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DeSantis Actually Did Want to Ban Fracking in Florida

Nikki Haley was right.

Ron DeSantis.
Heatmap Illustration/Getty Images

A single moment at the second Republican debate revealed the party’s utter confusion about how to handle environmental issues.

It came in the second hour, in a testy back-and-forth between Nikki Haley, the former UN ambassador and South Carolina governor, and Governor Ron DeSantis of Florida.

Haley said that at the United Nations, she learned that “energy security is national security.”

“We need a president that understands we have to partner with our producers and make sure that we have their backs,” she said.

Then she homed in on DeSantis: “Ron is against fracking, he's against drilling. He always talks about what happens on day one. But you better watch out because what happens on day two is when you're in trouble. Day Two in Florida, you banned fracking, you banned offshore drilling, and you took green subsidies that you didn’t need to take,” she said.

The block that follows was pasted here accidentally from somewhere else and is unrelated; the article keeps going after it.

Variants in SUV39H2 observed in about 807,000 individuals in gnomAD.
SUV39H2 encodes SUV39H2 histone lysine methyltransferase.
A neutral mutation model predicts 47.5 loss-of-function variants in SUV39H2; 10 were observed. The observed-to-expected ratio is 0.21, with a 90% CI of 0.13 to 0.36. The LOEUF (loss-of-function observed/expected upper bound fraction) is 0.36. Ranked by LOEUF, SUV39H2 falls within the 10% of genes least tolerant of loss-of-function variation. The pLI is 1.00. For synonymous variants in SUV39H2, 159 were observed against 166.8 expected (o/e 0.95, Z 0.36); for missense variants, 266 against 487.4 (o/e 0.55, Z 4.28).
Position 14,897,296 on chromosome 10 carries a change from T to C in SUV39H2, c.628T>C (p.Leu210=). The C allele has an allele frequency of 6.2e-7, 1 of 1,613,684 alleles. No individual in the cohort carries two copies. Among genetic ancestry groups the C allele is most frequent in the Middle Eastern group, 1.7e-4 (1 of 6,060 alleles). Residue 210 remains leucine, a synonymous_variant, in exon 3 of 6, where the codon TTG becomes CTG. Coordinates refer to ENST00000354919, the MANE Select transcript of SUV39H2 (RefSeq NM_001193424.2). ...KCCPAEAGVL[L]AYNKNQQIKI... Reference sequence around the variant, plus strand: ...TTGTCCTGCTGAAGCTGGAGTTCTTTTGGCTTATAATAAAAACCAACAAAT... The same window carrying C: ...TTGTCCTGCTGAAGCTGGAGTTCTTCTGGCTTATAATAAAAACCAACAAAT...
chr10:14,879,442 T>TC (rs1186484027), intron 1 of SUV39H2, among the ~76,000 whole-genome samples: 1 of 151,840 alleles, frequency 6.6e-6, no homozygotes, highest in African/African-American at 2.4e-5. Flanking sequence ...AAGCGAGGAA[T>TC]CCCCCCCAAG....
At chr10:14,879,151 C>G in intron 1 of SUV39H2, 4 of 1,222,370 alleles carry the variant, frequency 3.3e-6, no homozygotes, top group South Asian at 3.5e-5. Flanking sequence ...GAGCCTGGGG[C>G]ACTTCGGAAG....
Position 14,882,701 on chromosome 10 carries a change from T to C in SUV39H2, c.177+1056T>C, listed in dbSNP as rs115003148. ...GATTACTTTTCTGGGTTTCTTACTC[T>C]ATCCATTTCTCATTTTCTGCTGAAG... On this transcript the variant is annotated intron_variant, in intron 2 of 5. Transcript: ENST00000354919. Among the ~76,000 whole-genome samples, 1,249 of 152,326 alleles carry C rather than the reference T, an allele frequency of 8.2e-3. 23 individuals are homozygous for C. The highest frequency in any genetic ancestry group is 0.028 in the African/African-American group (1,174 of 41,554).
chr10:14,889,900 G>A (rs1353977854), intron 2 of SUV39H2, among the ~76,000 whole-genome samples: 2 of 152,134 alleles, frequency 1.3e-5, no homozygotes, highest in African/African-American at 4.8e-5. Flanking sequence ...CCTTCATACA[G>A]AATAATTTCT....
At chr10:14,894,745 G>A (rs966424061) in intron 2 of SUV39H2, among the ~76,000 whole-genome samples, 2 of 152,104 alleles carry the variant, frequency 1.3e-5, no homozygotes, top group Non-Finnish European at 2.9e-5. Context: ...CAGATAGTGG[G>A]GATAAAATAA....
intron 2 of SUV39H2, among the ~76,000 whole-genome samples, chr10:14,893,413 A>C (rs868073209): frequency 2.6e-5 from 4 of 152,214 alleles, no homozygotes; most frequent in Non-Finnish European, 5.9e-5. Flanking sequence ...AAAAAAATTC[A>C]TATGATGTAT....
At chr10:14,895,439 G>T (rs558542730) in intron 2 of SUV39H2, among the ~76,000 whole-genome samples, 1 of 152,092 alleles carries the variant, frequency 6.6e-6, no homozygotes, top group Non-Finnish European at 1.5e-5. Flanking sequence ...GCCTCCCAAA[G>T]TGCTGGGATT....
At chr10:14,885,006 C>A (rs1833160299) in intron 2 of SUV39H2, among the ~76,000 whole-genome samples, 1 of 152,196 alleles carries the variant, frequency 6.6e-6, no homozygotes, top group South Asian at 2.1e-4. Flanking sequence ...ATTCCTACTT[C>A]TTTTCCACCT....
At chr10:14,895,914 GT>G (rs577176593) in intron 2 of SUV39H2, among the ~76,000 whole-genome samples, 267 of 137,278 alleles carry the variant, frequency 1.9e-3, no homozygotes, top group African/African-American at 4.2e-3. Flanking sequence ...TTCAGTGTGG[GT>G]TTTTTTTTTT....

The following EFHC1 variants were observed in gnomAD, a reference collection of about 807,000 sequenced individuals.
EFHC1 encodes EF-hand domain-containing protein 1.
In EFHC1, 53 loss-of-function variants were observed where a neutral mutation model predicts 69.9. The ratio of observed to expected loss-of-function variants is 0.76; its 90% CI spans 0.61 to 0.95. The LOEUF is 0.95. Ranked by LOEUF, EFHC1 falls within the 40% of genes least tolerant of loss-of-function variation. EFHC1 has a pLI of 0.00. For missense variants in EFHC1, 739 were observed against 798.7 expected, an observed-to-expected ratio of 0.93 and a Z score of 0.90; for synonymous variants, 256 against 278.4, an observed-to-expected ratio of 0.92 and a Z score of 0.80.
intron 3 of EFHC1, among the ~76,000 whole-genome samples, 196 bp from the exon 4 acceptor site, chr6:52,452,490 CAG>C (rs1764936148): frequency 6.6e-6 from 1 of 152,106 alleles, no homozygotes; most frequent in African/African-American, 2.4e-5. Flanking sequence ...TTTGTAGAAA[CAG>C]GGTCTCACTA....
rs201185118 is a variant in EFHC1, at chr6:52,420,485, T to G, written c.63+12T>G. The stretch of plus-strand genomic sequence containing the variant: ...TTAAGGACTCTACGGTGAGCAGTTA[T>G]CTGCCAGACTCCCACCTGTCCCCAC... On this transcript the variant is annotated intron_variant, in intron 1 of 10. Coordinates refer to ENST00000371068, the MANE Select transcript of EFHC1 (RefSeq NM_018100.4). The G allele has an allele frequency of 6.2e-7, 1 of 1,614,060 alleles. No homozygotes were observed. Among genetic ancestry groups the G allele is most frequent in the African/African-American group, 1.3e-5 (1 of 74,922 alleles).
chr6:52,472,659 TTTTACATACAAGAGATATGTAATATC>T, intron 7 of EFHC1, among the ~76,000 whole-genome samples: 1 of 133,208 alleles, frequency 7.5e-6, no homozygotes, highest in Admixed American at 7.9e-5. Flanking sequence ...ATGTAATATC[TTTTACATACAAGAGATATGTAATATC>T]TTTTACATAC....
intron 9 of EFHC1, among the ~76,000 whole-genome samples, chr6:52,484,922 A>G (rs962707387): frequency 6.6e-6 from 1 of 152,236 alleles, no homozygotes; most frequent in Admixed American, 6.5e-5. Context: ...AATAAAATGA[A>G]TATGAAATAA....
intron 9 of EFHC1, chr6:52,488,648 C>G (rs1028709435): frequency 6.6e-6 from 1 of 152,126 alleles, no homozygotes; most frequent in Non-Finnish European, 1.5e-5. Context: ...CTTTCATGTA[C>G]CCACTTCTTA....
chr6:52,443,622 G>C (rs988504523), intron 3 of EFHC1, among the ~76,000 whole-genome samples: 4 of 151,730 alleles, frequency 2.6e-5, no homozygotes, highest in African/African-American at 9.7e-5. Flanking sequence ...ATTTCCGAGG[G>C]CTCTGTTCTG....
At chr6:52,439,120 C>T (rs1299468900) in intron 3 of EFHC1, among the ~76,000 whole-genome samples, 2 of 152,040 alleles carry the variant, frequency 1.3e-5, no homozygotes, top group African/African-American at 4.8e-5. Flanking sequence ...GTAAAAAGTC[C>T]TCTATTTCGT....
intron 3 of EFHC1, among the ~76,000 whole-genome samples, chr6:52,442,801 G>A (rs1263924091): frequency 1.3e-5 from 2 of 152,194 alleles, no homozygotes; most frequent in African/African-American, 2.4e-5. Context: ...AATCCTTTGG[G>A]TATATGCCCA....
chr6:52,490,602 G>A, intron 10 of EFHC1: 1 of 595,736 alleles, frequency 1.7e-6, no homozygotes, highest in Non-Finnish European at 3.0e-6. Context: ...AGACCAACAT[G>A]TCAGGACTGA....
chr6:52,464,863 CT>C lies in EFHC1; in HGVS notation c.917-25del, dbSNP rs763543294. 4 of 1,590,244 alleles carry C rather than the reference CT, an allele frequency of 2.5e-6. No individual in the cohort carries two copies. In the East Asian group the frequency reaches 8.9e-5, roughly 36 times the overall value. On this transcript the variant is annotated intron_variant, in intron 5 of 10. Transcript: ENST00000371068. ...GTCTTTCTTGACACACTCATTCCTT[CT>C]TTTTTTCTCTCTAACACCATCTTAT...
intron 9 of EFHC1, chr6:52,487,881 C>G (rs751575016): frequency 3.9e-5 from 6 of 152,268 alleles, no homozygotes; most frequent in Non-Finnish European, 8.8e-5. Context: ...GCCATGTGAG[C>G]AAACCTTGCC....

DeSantis ignored the attack at first. “I just did a plan in West Texas for American energy dominance,” he said. At that event, he promised, with no small amount of foolishness, to get gas back down below $2 a gallon, something that is not in a president’s ability.

“We’re going to choose Midland over Moscow,” he said Wednesday night, referencing a Texas city known for its oil industry. “We’re going to choose the Marcelus over the Mullah, and we’re going to choose the Bakken over Beijing, and we’re going to lower your gas prices.”